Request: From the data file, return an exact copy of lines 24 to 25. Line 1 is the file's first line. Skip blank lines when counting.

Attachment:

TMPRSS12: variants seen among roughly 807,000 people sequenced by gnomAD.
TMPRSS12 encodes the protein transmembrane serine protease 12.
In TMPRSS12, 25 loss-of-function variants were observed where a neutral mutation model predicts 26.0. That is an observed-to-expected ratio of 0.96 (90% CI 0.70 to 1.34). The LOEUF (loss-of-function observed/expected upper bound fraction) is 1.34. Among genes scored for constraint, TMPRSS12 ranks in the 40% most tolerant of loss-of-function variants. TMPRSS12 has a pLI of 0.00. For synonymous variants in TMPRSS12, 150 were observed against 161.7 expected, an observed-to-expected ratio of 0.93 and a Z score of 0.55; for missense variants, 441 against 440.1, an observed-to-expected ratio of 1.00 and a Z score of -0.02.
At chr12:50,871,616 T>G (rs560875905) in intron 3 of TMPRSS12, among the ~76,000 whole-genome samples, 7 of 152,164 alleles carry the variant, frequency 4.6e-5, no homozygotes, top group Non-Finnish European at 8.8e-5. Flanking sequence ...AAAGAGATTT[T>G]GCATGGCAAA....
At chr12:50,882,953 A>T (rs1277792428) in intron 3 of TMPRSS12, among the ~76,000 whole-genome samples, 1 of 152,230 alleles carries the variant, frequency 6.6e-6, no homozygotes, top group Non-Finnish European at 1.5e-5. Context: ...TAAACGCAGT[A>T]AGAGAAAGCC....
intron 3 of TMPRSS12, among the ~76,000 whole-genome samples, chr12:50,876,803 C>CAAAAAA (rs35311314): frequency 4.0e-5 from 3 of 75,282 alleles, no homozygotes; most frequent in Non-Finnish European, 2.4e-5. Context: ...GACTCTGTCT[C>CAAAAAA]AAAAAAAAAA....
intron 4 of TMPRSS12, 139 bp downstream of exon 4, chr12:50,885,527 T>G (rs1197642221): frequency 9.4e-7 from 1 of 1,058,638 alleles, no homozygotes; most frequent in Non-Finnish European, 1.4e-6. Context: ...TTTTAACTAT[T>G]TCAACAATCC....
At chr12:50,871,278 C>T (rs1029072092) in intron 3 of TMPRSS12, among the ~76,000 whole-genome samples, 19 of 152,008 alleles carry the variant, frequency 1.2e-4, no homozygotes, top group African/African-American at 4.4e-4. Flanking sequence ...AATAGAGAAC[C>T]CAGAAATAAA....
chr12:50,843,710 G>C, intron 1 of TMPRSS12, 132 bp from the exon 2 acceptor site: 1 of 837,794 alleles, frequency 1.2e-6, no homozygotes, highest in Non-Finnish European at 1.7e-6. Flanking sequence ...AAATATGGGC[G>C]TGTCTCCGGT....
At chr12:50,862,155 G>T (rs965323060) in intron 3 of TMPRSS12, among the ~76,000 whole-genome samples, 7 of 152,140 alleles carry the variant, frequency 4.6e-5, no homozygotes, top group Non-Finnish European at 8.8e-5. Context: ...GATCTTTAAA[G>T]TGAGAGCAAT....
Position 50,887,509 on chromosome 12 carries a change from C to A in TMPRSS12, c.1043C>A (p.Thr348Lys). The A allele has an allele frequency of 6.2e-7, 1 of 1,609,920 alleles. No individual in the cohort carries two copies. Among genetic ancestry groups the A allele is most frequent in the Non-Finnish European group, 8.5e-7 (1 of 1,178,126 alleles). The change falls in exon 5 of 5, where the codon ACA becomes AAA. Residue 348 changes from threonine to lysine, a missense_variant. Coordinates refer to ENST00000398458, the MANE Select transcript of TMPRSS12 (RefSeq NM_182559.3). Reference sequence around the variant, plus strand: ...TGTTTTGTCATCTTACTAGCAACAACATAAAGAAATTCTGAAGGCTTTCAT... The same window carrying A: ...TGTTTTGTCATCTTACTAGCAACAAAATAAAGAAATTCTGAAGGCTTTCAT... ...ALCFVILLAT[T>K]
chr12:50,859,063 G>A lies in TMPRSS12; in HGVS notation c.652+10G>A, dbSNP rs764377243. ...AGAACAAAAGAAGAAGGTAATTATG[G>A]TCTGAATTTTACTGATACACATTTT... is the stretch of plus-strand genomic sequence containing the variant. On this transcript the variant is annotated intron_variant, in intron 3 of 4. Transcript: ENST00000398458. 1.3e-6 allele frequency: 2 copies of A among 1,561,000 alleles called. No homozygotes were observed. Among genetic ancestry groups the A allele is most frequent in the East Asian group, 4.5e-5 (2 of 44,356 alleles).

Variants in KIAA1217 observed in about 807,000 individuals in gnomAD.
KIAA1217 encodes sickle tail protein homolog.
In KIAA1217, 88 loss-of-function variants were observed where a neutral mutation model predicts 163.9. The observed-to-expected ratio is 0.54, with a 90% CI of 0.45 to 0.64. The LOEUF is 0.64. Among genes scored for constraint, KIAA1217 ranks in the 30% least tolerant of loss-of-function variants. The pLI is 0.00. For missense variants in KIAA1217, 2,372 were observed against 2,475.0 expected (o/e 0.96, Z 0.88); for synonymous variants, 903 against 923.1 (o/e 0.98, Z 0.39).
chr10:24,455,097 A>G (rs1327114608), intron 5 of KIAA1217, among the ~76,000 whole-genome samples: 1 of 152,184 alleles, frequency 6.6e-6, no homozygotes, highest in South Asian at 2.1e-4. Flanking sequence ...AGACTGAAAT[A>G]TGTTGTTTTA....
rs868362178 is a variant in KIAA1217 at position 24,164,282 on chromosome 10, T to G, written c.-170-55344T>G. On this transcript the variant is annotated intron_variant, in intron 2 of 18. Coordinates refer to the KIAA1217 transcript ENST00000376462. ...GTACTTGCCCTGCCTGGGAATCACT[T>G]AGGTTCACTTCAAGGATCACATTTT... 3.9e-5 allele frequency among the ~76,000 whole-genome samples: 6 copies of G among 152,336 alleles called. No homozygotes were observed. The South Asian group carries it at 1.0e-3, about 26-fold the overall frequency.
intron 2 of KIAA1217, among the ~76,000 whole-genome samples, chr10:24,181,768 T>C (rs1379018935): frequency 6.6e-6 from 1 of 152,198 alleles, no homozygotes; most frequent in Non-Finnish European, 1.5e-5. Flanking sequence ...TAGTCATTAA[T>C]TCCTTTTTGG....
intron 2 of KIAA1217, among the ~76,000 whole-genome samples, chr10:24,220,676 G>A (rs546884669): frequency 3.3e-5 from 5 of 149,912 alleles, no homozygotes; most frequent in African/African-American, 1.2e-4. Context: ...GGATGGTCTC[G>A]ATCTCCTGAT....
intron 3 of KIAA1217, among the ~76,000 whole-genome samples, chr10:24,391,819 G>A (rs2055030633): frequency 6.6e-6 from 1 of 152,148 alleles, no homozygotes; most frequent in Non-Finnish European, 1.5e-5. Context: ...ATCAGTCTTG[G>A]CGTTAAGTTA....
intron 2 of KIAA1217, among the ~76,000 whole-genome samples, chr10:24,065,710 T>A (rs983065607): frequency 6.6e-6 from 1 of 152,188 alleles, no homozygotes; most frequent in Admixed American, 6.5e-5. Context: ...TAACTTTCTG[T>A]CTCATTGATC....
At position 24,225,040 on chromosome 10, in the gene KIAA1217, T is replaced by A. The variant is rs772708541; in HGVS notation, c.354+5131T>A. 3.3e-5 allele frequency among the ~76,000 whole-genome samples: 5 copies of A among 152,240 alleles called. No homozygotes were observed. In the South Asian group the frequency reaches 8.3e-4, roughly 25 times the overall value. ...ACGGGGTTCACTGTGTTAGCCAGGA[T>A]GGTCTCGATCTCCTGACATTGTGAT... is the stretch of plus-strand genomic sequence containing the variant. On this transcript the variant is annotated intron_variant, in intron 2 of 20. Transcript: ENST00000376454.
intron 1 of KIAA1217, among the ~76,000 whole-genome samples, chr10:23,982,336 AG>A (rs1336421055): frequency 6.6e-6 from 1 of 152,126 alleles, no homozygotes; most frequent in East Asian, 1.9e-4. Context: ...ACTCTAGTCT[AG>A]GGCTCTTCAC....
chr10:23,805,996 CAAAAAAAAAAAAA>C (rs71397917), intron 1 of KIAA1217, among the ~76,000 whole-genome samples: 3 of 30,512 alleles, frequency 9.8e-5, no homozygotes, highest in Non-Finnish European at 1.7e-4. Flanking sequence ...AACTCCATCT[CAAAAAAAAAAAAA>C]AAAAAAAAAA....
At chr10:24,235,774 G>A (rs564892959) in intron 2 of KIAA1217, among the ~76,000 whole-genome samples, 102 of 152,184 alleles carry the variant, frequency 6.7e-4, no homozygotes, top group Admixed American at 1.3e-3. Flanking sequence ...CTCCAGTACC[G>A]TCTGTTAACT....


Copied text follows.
chr10:23,805,996 CAAAAAAAAAAAAA>C (rs71397917), intron 1 of KIAA1217, among the ~76,000 whole-genome samples: 3 of 30,512 alleles, frequency 9.8e-5, no homozygotes, highest in Non-Finnish European at 1.7e-4. Flanking sequence ...AACTCCATCT[CAAAAAAAAAAAAA>C]AAAAAAAAAA....
At chr10:24,235,774 G>A (rs564892959) in intron 2 of KIAA1217, among the ~76,000 whole-genome samples, 102 of 152,184 alleles carry the variant, frequency 6.7e-4, no homozygotes, top group Admixed American at 1.3e-3. Flanking sequence ...CTCCAGTACC[G>A]TCTGTTAACT....